Now it works! We have added several extra lines of code to avoid some UVM packer and UVM object pack/unpack gotchas.

Engineer has spent almost two working days to simple pack header fields into array of bytes in a presumption UVM way...

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@tymonx-

Thanks again for the responses, I didn't get a notification about them, otherwise I would have responded a bit faster 🙂 

The UVM Packer is not specified as packing bits in any particular format... if the a developer or end user requires a specific format, then they are free to implement their own within the standard.  If you've come up with an alternative and you think it'd be useful, please post it!

That said, while the format/structure of the bits isn't specified, the LRM is very clear about how packers behave... it seems that the behavior just isn't exactly what you were expecting.  I can understand the frustration (FWIW: there's plenty of places wherein the library acts in a way I would consider unexpected, you're not alone there!).

The largest disconnect here seems to be with how UVM handles "metadata", ie. data that describes the data contained within the stream.  There are 3 basic forms of metadata that Accellera's implementation is concerned with:

  • The current position of pointers in the packer stream (Your magic 8 bytes)
  • The size of a string
  • The validity of an object handle

The use of a fixed-size array is an Accellera implementation artifact.  It was chosen back in the pre-UVM days, but I believe the basic reasoning for it is that accessing data within a fixed size array tends to be faster than constantly (re)allocating data inside of a dynamic array.  The reference implementation does allow the user to easily change the size of the fixed size array, but it will still be a fixed size array.  To be clear though, this is an Accellera decision, and you are free to implement a packer which uses a dynamic array instead.  Should you choose to make that a queue instead of a dynamic array, then you no longer need pointers for pack/unpack.  Your unpack pointer is always 0, your pack pointer is always [$].  

Strings can generally be dealt with one of two ways:  {size,string} or {string,'\0'}.  Accellera goes with the latter, but really either is fine so long as you're consistent.

The validity of an object handle is called out by the LRM.  The LRM dictates that is_null returns 1 if the next item in the stream is a null object, 0 otherwise.  Unfortunately, this is the one place wherein the LRM truly requires _some_ form of metadata being present.  You are absolutely free to create a packer which doesn't support this method, but then your packer won't work for 100% of the objects out there.

 

 As to your other concerns:

  • The initial values of the member variables is fine because they're 2-state ints, not 4-state integers.  They automatically initialize to a value of 0. 
    • The library will also automatically flush any packer passed to uvm_object::pack_*, so long as that packer is not actively packing another object (refer to 16.1.3.4 in the 2017 LRM here).
  • Having the pack_* methods use the default packer was another case wherein simplicity/performance was chosen over strict thread safety (again, pre-UVM).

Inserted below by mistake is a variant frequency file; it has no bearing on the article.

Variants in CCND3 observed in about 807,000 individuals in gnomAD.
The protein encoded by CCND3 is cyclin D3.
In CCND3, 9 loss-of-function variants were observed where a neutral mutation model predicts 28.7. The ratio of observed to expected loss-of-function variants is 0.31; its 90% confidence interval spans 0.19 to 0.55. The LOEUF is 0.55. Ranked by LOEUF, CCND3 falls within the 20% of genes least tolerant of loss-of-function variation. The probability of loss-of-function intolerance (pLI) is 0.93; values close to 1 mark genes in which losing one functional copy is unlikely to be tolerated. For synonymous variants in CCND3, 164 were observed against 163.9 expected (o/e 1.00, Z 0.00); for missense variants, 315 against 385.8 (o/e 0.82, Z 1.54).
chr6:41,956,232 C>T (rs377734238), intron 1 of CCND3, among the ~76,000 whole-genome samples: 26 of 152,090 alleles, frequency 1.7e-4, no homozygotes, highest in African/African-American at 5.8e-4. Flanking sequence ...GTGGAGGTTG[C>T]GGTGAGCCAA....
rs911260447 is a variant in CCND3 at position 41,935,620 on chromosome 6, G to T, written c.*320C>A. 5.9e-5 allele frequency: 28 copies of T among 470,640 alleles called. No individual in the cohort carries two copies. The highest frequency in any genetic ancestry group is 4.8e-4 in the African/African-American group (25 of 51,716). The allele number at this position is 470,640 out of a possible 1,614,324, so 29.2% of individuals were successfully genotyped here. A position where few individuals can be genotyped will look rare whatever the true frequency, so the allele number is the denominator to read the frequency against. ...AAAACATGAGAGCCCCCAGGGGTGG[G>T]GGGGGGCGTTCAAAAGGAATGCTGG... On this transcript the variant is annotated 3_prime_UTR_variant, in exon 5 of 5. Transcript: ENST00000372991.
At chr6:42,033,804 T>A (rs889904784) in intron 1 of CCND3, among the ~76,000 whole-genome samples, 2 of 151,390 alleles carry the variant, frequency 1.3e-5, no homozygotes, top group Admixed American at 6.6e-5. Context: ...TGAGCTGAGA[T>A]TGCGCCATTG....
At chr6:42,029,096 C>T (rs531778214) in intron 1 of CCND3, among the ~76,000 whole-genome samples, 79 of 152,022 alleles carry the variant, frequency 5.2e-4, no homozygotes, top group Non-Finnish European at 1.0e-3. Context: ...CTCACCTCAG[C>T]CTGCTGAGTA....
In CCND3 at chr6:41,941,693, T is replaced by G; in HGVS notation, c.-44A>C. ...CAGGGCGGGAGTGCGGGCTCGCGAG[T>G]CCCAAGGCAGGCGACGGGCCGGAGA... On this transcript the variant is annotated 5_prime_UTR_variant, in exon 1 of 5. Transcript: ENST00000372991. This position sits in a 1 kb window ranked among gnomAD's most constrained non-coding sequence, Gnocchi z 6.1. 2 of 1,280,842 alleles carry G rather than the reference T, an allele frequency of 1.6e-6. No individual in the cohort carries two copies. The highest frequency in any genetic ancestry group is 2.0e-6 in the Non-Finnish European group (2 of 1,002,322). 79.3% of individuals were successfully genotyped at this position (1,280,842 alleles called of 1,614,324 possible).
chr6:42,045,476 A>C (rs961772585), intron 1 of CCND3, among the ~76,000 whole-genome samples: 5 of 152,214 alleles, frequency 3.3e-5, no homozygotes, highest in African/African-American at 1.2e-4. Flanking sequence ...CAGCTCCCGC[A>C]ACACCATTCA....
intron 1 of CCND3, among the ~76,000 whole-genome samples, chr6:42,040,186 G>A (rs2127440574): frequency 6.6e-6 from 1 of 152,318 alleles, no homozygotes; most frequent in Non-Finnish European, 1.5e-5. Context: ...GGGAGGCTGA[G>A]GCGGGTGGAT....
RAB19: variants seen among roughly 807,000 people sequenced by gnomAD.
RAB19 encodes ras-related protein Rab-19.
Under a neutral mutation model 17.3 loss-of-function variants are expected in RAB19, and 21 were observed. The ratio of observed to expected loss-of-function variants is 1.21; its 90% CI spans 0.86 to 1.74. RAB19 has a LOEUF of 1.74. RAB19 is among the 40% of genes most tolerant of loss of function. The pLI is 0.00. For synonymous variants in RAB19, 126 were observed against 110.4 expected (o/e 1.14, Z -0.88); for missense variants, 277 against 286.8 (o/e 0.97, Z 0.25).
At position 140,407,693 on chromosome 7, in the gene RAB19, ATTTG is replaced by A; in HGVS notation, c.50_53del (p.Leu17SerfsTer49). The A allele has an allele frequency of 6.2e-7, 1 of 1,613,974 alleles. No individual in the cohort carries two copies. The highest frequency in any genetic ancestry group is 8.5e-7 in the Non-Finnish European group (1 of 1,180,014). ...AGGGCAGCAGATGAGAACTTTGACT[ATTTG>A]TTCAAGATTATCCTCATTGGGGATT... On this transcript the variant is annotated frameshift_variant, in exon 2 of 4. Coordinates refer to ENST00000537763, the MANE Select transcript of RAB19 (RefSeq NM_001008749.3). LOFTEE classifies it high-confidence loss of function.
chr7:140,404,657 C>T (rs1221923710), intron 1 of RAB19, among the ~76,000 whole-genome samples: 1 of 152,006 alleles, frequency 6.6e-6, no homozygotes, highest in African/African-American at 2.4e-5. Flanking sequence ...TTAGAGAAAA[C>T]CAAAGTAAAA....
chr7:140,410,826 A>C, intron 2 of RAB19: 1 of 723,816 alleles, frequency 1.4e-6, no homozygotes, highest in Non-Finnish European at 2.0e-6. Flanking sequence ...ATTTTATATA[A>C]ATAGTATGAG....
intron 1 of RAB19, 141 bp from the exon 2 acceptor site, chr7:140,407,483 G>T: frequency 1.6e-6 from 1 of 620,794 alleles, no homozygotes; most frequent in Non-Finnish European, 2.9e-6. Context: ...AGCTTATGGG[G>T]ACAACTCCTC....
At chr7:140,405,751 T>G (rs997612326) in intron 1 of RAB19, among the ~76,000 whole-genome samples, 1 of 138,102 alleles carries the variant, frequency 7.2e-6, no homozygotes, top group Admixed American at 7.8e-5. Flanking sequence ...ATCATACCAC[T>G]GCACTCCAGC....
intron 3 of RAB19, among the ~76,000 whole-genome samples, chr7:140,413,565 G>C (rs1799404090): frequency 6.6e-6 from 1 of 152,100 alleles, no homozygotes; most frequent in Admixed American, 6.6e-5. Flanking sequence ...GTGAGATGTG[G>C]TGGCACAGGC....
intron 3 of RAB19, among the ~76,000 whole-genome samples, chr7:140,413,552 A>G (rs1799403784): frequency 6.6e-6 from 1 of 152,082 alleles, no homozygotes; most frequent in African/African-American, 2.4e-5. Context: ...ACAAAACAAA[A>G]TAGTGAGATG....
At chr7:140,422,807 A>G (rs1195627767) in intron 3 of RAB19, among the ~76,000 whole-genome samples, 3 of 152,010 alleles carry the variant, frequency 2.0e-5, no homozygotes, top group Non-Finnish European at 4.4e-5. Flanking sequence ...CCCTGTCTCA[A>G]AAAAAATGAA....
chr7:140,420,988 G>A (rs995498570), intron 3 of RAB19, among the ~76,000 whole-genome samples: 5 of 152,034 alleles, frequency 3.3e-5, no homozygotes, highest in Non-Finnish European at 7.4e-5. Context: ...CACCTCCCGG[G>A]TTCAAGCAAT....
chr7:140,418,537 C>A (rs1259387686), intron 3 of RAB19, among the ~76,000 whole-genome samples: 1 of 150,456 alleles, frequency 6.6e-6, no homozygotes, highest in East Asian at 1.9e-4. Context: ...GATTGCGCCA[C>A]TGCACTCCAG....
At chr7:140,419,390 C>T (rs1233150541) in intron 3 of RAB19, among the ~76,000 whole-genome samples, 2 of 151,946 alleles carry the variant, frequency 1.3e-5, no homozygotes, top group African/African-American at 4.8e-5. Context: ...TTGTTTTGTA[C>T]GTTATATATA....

• I would argue that instead of changing the behavior of "Default/Null packer" to clone, it would be cleaner to simply remove the option altogether.  Make it an error to pass null to pack_*, and now the user has to be explicit.  No more thread safety concerns (for the library), no more potential for unexpected behavior.  Downside?  Breaks a _ton_ of existing code, some of which dates back to before UVM existed.
  • The packer is actually one of the more heavily documented features of UVM, even going so far as separating those methods which packer developers need to worry about (16.5.3) from those that the users generally interact with (16.5.4).  The fact that the LRM doesn't dictate the format of the bitstream isn't a bug or an omission, it's an intenitonal feature.  It's left at the discretion of the developer.
  • The "do one thing, well" philosophy is a bit alive and well:  the one thing is that the packer allows you convert a sequence of pack_*/unpack_* calls to/from a bitstream.     
    • A quick side story:  During the discussions of the packer during the development of the 1800.2 standard, an example was shown wherein all of the methods in 16.5.4 didn't actually modify a bitstream at all, instead they simply pushed/popped their values in separate local queues of bits, bytes, ints, longints, uvm_integral_t, uvm_bitstream_t, and strings.  A hook was present which allowed a user to control how that data was eventually packed/unpacked inside of the set/get_packed_state methods.  In theory this implementation could be significantly faster, because the packer could choose the optimal layout for each type.  This was just an example though, the full source code was not provided.

A final note on the fact that the Accellera implementation doesn't exactly match the LRM:  You're 100% correct, which is why the release notes include the following:

Quote

2. The `uvm_packer::set_packed_*` and `uvm_packer::get_packed_*` methods as defined in sections 16.5.3.1 and 16.5.3.2 use `signed` arguments while the `uvm_object::pack` and `uvm_object::unpack` methods are specified in sections 5.3.10 and 5.3.11 as `unsigned`. The implementation keeps the arguments `unsigned`, so as to remain consistent with the other packing APIs.

The implemented sigatures are:
<pre>
virtual function void uvm_packer::set_packed_bits( ref bit <b>unsigned</b> stream[] );
virtual function void uvm_packer::set_packed_bytes( ref byte <b>unsigned</b> stream[] );
virtual function void uvm_packer::set_packed_ints( ref int <b>unsigned</b> stream[] );
virtual function void uvm_packer::set_packed_longints( ref longint <b>unsigned</b> stream[] );

virtual function void uvm_packer::get_packed_bits( ref bit <b>unsigned</b> stream[] );
virtual function void uvm_packer::get_packed_bytes( ref byte <b>unsigned</b> stream[] );